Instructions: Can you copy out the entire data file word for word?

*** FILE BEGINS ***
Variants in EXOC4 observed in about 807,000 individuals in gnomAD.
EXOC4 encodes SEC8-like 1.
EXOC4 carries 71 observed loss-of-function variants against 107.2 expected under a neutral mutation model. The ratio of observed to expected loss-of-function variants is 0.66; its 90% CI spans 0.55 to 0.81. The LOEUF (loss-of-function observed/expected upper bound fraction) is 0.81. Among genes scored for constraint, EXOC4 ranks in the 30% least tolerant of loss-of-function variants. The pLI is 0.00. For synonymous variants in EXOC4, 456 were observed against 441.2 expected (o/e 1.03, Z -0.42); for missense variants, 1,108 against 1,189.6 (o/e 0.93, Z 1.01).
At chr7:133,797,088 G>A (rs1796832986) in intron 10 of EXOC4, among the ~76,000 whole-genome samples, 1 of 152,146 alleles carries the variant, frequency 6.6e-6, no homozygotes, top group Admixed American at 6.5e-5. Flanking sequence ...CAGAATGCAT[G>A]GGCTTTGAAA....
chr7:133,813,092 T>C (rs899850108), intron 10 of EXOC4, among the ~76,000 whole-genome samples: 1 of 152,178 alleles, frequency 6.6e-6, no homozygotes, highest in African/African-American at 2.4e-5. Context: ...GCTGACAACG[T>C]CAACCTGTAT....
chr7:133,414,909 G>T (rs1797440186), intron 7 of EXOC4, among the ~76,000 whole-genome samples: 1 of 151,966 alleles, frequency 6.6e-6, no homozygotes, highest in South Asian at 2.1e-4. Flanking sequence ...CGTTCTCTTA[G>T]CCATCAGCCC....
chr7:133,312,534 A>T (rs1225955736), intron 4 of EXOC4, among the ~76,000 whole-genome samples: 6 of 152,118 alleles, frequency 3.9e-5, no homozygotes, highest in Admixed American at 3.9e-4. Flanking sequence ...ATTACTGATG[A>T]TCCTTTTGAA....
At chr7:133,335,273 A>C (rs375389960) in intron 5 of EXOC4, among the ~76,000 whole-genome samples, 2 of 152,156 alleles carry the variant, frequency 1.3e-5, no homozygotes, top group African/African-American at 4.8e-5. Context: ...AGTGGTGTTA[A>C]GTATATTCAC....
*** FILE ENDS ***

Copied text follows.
Variants in EXOC4 observed in about 807,000 individuals in gnomAD.
EXOC4 encodes SEC8-like 1.
EXOC4 carries 71 observed loss-of-function variants against 107.2 expected under a neutral mutation model. The ratio of observed to expected loss-of-function variants is 0.66; its 90% CI spans 0.55 to 0.81. The LOEUF (loss-of-function observed/expected upper bound fraction) is 0.81. Among genes scored for constraint, EXOC4 ranks in the 30% least tolerant of loss-of-function variants. The pLI is 0.00. For synonymous variants in EXOC4, 456 were observed against 441.2 expected (o/e 1.03, Z -0.42); for missense variants, 1,108 against 1,189.6 (o/e 0.93, Z 1.01).
At chr7:133,797,088 G>A (rs1796832986) in intron 10 of EXOC4, among the ~76,000 whole-genome samples, 1 of 152,146 alleles carries the variant, frequency 6.6e-6, no homozygotes, top group Admixed American at 6.5e-5. Flanking sequence ...CAGAATGCAT[G>A]GGCTTTGAAA....
chr7:133,813,092 T>C (rs899850108), intron 10 of EXOC4, among the ~76,000 whole-genome samples: 1 of 152,178 alleles, frequency 6.6e-6, no homozygotes, highest in African/African-American at 2.4e-5. Context: ...GCTGACAACG[T>C]CAACCTGTAT....
chr7:133,414,909 G>T (rs1797440186), intron 7 of EXOC4, among the ~76,000 whole-genome samples: 1 of 151,966 alleles, frequency 6.6e-6, no homozygotes, highest in South Asian at 2.1e-4. Flanking sequence ...CGTTCTCTTA[G>T]CCATCAGCCC....
chr7:133,312,534 A>T (rs1225955736), intron 4 of EXOC4, among the ~76,000 whole-genome samples: 6 of 152,118 alleles, frequency 3.9e-5, no homozygotes, highest in Admixed American at 3.9e-4. Flanking sequence ...ATTACTGATG[A>T]TCCTTTTGAA....
At chr7:133,335,273 A>C (rs375389960) in intron 5 of EXOC4, among the ~76,000 whole-genome samples, 2 of 152,156 alleles carry the variant, frequency 1.3e-5, no homozygotes, top group African/African-American at 4.8e-5. Context: ...AGTGGTGTTA[A>C]GTATATTCAC....